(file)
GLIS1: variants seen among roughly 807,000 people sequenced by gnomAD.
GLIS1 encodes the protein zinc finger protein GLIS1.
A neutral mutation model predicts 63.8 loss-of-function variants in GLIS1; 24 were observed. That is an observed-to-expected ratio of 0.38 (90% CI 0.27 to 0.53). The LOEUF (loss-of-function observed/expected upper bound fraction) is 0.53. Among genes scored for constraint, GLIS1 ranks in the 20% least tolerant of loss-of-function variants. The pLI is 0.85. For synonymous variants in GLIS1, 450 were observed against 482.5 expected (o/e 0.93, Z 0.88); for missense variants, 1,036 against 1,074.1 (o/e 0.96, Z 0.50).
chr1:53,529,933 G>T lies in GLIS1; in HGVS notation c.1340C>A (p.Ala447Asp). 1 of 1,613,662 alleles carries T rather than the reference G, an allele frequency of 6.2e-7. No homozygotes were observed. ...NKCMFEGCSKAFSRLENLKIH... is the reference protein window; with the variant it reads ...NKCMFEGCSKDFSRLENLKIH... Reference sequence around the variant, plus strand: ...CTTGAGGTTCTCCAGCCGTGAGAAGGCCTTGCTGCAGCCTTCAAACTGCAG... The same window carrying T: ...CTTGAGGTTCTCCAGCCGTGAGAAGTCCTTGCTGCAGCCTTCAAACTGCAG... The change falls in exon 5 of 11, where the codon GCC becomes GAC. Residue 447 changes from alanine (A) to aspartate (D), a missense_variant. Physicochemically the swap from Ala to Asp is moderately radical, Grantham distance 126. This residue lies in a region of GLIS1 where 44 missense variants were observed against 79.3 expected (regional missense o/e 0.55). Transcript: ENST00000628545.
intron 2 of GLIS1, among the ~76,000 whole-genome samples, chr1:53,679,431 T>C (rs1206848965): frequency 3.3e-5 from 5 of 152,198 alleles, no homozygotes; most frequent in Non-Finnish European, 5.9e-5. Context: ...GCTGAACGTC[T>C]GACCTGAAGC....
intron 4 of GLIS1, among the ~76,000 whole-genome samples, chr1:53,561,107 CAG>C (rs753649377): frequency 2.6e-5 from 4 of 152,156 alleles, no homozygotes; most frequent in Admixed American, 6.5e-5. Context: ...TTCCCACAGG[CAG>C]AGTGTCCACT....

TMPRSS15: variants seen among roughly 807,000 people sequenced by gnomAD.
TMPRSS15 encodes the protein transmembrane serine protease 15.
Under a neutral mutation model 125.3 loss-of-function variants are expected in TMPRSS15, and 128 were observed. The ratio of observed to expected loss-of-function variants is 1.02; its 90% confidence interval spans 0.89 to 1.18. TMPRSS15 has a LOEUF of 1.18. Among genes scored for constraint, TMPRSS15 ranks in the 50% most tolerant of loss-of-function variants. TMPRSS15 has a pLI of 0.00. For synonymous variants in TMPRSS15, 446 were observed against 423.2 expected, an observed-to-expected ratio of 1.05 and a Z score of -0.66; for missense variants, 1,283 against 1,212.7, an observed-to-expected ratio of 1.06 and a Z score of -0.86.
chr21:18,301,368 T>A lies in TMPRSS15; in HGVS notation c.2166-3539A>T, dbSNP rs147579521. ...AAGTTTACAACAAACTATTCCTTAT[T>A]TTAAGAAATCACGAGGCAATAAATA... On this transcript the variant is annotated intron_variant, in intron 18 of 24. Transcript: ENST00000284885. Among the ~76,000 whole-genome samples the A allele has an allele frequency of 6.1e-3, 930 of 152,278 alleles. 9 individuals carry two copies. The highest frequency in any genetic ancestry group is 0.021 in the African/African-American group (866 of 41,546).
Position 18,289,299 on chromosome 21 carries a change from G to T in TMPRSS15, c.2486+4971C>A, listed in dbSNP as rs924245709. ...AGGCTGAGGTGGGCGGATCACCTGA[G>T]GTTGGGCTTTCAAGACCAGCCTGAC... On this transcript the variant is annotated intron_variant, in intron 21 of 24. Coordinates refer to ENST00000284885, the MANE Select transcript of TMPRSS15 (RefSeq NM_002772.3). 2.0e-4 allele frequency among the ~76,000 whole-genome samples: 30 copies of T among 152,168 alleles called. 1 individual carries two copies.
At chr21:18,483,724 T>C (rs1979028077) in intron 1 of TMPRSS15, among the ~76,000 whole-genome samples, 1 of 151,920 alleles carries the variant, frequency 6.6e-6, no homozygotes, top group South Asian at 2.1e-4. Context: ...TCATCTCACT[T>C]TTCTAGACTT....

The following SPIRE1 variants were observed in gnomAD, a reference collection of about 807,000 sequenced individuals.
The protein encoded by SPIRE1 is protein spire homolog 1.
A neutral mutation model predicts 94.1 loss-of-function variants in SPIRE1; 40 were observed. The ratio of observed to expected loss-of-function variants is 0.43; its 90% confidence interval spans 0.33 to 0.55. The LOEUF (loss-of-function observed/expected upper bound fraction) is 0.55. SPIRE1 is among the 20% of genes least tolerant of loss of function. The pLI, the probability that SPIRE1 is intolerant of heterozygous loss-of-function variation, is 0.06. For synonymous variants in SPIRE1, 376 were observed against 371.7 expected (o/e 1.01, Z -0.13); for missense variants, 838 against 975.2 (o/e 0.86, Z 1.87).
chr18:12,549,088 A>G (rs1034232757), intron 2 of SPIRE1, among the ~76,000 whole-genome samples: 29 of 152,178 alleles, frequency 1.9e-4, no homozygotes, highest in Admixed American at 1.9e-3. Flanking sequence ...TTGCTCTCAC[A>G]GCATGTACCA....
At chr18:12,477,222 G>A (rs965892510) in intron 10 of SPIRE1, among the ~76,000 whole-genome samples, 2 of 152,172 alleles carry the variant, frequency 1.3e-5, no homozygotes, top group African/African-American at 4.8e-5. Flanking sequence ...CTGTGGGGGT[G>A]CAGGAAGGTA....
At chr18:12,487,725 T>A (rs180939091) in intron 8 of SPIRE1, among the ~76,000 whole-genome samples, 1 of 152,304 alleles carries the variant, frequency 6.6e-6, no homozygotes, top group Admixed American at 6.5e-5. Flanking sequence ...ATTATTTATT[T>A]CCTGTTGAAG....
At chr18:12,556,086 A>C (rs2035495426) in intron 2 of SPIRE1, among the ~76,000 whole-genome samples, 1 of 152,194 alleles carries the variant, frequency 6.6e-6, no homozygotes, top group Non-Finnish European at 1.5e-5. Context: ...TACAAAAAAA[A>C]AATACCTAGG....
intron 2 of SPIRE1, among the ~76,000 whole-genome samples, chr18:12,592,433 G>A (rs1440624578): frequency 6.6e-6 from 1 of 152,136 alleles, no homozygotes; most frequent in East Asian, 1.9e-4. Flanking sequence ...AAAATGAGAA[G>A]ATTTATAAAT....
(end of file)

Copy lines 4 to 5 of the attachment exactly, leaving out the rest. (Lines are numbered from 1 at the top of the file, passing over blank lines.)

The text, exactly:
chr1:53,529,933 G>T lies in GLIS1; in HGVS notation c.1340C>A (p.Ala447Asp). 1 of 1,613,662 alleles carries T rather than the reference G, an allele frequency of 6.2e-7. No homozygotes were observed. ...NKCMFEGCSKAFSRLENLKIH... is the reference protein window; with the variant it reads ...NKCMFEGCSKDFSRLENLKIH... Reference sequence around the variant, plus strand: ...CTTGAGGTTCTCCAGCCGTGAGAAGGCCTTGCTGCAGCCTTCAAACTGCAG... The same window carrying T: ...CTTGAGGTTCTCCAGCCGTGAGAAGTCCTTGCTGCAGCCTTCAAACTGCAG... The change falls in exon 5 of 11, where the codon GCC becomes GAC. Residue 447 changes from alanine (A) to aspartate (D), a missense_variant. Physicochemically the swap from Ala to Asp is moderately radical, Grantham distance 126. This residue lies in a region of GLIS1 where 44 missense variants were observed against 79.3 expected (regional missense o/e 0.55). Transcript: ENST00000628545.
intron 2 of GLIS1, among the ~76,000 whole-genome samples, chr1:53,679,431 T>C (rs1206848965): frequency 3.3e-5 from 5 of 152,198 alleles, no homozygotes; most frequent in Non-Finnish European, 5.9e-5. Context: ...GCTGAACGTC[T>C]GACCTGAAGC....